|Village of Wolverine Lake|
Wolverine Lake Village Offices
Location within Oakland County
|• President||Brian Nedrow|
|• Village||1.68 sq mi (4.34 km2)|
|• Land||1.26 sq mi (3.27 km2)|
|• Water||0.41 sq mi (1.07 km2)|
|Elevation||932 ft (284 m)|
| • Estimate |
|• Density||3,677.50/sq mi (1,419.37/km2)|
|• Metro||4,285,832 (Metro Detroit)|
|Time zone||UTC-5 (Eastern (EST))|
|• Summer (DST)||UTC-4 (EDT)|
|Area code(s)||248 and 947|
|GNIS feature ID||1616717|
Wolverine Lake is a village in Commerce Township, Oakland County in the U.S. state of Michigan. The population was 4,312 at the 2010 census. It is named after the wolverine, from which Michigan acquired its unofficial nickname of Wolverine State.
In February 2007 Wolverine Lake and Walled Lake agreed to share police services; Walled Lake took responsibility for dispatch services, and all police operations in Wolverine Lake were moved to Walled Lake.
|U.S. Decennial Census|
As of the census of 2010, there were 4,312 people, 1,733 households, and 1,214 families residing in the village. The population density was 3,395.3 inhabitants per square mile (1,310.9/km2). There were 1,840 housing units at an average density of 1,448.8 per square mile (559.4/km2). The racial makeup of the village was 95.9% White, 0.7% African American, 0.4% Native American, 1.2% Asian, 0.4% from other races, and 1.4% from two or more races. Hispanic or Latino of any race were 2.4% of the population.
There were 1,733 households of which 31.4% had children under the age of 18 living with them, 55.7% were married couples living together, 9.2% had a female householder with no husband present, 5.1% had a male householder with no wife present, and 29.9% were non-families. 24.1% of all households were made up of individuals and 5.6% had someone living alone who was 65 years of age or older. The average household size was 2.49 and the average family size was 2.95.
The median age in the village was 42.7 years. 21.6% of residents were under the age of 18; 7.3% were between the ages of 18 and 24; 25.2% were from 25 to 44; 34.3% were from 45 to 64; and 11.6% were 65 years of age or older. The gender makeup of the village was 51.6% male and 48.4% female.
As of the census of 2000, there were 4,415 people, 1,671 households, and 1,253 families residing in the village. The population density was 3,391.9 per square mile (1,311.3/km²). There were 1,733 housing units at an average density of 1,331.4 per square mile (514.7/km²). The racial makeup of the village was 97.76% White, 0.41% African American, 0.11% Native American, 0.59% Asian, 0.07% Pacific Islander, 0.25% from other races, and 0.82% from two or more races. Hispanic or Latino of any race were 1.04% of the population.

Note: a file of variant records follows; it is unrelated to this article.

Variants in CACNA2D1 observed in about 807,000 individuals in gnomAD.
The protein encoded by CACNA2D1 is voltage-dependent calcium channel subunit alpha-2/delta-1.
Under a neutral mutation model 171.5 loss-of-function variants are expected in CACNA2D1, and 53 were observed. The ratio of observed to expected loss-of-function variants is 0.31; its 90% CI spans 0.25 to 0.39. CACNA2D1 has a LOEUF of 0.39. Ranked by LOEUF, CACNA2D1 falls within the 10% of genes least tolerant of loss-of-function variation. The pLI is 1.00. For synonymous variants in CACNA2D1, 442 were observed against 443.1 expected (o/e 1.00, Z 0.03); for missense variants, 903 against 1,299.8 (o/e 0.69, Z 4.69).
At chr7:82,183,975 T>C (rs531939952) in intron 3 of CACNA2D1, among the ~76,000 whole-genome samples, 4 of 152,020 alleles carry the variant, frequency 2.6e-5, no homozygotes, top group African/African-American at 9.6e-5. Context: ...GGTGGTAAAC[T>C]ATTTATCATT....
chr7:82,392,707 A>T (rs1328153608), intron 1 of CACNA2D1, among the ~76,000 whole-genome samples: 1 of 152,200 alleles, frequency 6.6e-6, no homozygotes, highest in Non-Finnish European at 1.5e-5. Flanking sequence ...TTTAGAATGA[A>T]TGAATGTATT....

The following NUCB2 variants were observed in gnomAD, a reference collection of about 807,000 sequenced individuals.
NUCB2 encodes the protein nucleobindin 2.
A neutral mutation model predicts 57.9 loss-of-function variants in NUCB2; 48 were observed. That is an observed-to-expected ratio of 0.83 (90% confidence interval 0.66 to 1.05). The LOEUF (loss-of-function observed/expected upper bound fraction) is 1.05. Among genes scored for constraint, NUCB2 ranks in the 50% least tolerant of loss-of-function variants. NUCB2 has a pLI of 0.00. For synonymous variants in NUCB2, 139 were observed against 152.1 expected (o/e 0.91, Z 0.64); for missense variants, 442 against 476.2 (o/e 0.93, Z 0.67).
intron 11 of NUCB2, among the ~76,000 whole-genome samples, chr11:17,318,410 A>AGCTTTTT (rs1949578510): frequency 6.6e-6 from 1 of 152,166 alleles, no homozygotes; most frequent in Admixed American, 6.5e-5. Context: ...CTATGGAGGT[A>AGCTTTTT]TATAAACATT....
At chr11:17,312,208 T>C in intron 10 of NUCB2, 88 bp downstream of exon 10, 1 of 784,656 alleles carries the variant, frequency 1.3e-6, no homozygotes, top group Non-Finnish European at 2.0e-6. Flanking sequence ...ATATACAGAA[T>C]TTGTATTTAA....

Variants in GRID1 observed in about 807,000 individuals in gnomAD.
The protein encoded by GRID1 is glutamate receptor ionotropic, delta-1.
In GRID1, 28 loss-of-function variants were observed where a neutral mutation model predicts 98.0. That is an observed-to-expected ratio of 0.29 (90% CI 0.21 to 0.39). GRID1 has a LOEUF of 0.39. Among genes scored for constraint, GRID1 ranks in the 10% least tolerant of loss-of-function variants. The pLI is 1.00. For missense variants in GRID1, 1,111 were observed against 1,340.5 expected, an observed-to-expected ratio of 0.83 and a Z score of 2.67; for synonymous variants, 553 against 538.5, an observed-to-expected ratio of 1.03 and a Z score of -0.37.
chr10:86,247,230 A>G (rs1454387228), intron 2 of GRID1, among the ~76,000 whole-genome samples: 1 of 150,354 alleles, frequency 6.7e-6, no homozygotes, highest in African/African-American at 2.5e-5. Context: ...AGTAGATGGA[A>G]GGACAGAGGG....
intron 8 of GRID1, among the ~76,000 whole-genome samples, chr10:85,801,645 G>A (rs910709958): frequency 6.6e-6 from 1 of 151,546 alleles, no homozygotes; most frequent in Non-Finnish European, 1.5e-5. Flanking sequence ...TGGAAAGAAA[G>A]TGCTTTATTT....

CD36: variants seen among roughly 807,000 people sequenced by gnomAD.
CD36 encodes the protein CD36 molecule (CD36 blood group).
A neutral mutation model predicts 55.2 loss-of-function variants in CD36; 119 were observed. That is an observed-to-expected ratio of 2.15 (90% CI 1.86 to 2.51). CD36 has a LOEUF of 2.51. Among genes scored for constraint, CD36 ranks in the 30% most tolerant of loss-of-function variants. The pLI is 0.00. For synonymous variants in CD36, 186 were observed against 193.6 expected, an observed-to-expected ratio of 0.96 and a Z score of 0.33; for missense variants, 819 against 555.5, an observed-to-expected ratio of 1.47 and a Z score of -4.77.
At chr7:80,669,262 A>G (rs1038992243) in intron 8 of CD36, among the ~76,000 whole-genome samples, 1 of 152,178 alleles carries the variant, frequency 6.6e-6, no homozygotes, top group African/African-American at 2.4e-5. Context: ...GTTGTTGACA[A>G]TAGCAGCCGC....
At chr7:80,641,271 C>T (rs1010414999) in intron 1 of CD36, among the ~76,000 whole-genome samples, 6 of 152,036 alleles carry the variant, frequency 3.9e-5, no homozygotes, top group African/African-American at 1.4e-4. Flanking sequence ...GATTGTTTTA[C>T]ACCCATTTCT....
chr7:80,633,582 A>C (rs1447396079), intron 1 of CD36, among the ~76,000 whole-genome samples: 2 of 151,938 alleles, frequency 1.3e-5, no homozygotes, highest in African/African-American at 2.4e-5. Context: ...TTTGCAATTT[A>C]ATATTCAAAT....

There were 1,671 households out of which 35.8% had children under the age of 18 living with them, 63.9% were married couples living together, 7.5% had a female householder with no husband present, and 25.0% were non-families. 20.0% of all households were made up of individuals and 5.2% had someone living alone who was 65 years of age or older. The average household size was 2.64 and the average family size was 3.06.
In the village, the population was spread out with 25.5% under the age of 18, 6.0% from 18 to 24, 33.2% from 25 to 44, 27.8% from 45 to 64, and 7.5% who were 65 years of age or older. The median age was 38 years. For every 100 females, there were 103.1 males. For every 100 females age 18 and over, there were 102.2 males.
The median income for a household in the village was $65,682, and the median income for a family was $70,893. Males had a median income of $50,054 versus $32,342 for females. The per capita income for the village was $30,026. About 2.2% of families and 2.7% of the population were below the poverty line, including 3.0% of those under age 18 and 4.1% of those age 65 or over.
Every year on July 3, the village holds "Tiki night" which has become a local holiday of sorts. In recent years the village, through public donations has put on a firework display in the middle of the lake. All of the waterfront properties place Tiki torches 6–8 feet apart across the entire waterfront, thus the name. The estimated attendance for this event is well over 8,000 people.
It is within the Walled Lake Consolidated Schools. Guest Elementary School and Loon Lake Elementary School serve portions of Wolverine Lake. Portions are zoned to James R. Geisler Middle School, and portions are zoned to Sarah Banks Middle School. All of Wolverine Lake is zoned to Walled Lake Central High School.